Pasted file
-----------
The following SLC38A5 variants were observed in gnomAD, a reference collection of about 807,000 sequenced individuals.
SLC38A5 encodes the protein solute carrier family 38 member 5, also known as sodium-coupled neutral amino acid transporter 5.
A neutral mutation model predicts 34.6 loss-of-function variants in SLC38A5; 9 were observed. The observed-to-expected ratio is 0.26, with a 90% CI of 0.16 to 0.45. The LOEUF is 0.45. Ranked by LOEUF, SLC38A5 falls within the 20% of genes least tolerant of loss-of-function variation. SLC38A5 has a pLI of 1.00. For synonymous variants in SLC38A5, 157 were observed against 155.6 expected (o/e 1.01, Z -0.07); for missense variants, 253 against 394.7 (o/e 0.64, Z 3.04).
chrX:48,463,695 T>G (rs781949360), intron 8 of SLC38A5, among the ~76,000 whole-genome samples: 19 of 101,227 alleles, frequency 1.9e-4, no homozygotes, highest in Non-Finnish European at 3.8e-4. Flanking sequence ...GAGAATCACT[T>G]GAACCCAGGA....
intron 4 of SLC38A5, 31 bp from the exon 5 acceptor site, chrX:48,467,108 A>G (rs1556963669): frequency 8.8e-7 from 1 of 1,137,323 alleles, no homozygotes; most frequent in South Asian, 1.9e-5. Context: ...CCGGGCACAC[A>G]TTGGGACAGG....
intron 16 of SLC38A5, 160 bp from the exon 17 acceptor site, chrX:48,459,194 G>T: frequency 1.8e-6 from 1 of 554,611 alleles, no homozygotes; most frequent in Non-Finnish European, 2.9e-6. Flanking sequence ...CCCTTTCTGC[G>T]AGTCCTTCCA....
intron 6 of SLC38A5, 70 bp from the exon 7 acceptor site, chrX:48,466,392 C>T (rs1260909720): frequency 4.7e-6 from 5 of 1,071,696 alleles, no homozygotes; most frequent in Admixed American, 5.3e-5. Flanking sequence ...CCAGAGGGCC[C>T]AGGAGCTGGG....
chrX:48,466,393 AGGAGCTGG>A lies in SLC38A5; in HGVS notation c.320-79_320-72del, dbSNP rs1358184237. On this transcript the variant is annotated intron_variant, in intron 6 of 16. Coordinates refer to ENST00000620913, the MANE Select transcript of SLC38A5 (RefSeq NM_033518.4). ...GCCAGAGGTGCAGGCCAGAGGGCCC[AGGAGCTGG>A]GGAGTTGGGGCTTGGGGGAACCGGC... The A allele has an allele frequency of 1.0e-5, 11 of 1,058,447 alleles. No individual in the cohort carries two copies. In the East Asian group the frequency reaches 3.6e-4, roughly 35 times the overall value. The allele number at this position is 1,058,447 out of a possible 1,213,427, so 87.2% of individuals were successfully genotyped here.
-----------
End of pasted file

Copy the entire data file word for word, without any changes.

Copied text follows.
The following SLC38A5 variants were observed in gnomAD, a reference collection of about 807,000 sequenced individuals.
SLC38A5 encodes the protein solute carrier family 38 member 5, also known as sodium-coupled neutral amino acid transporter 5.
A neutral mutation model predicts 34.6 loss-of-function variants in SLC38A5; 9 were observed. The observed-to-expected ratio is 0.26, with a 90% CI of 0.16 to 0.45. The LOEUF is 0.45. Ranked by LOEUF, SLC38A5 falls within the 20% of genes least tolerant of loss-of-function variation. SLC38A5 has a pLI of 1.00. For synonymous variants in SLC38A5, 157 were observed against 155.6 expected (o/e 1.01, Z -0.07); for missense variants, 253 against 394.7 (o/e 0.64, Z 3.04).
chrX:48,463,695 T>G (rs781949360), intron 8 of SLC38A5, among the ~76,000 whole-genome samples: 19 of 101,227 alleles, frequency 1.9e-4, no homozygotes, highest in Non-Finnish European at 3.8e-4. Flanking sequence ...GAGAATCACT[T>G]GAACCCAGGA....
intron 4 of SLC38A5, 31 bp from the exon 5 acceptor site, chrX:48,467,108 A>G (rs1556963669): frequency 8.8e-7 from 1 of 1,137,323 alleles, no homozygotes; most frequent in South Asian, 1.9e-5. Context: ...CCGGGCACAC[A>G]TTGGGACAGG....
intron 16 of SLC38A5, 160 bp from the exon 17 acceptor site, chrX:48,459,194 G>T: frequency 1.8e-6 from 1 of 554,611 alleles, no homozygotes; most frequent in Non-Finnish European, 2.9e-6. Flanking sequence ...CCCTTTCTGC[G>T]AGTCCTTCCA....
intron 6 of SLC38A5, 70 bp from the exon 7 acceptor site, chrX:48,466,392 C>T (rs1260909720): frequency 4.7e-6 from 5 of 1,071,696 alleles, no homozygotes; most frequent in Admixed American, 5.3e-5. Flanking sequence ...CCAGAGGGCC[C>T]AGGAGCTGGG....
chrX:48,466,393 AGGAGCTGG>A lies in SLC38A5; in HGVS notation c.320-79_320-72del, dbSNP rs1358184237. On this transcript the variant is annotated intron_variant, in intron 6 of 16. Coordinates refer to ENST00000620913, the MANE Select transcript of SLC38A5 (RefSeq NM_033518.4). ...GCCAGAGGTGCAGGCCAGAGGGCCC[AGGAGCTGG>A]GGAGTTGGGGCTTGGGGGAACCGGC... The A allele has an allele frequency of 1.0e-5, 11 of 1,058,447 alleles. No individual in the cohort carries two copies. In the East Asian group the frequency reaches 3.6e-4, roughly 35 times the overall value. The allele number at this position is 1,058,447 out of a possible 1,213,427, so 87.2% of individuals were successfully genotyped here.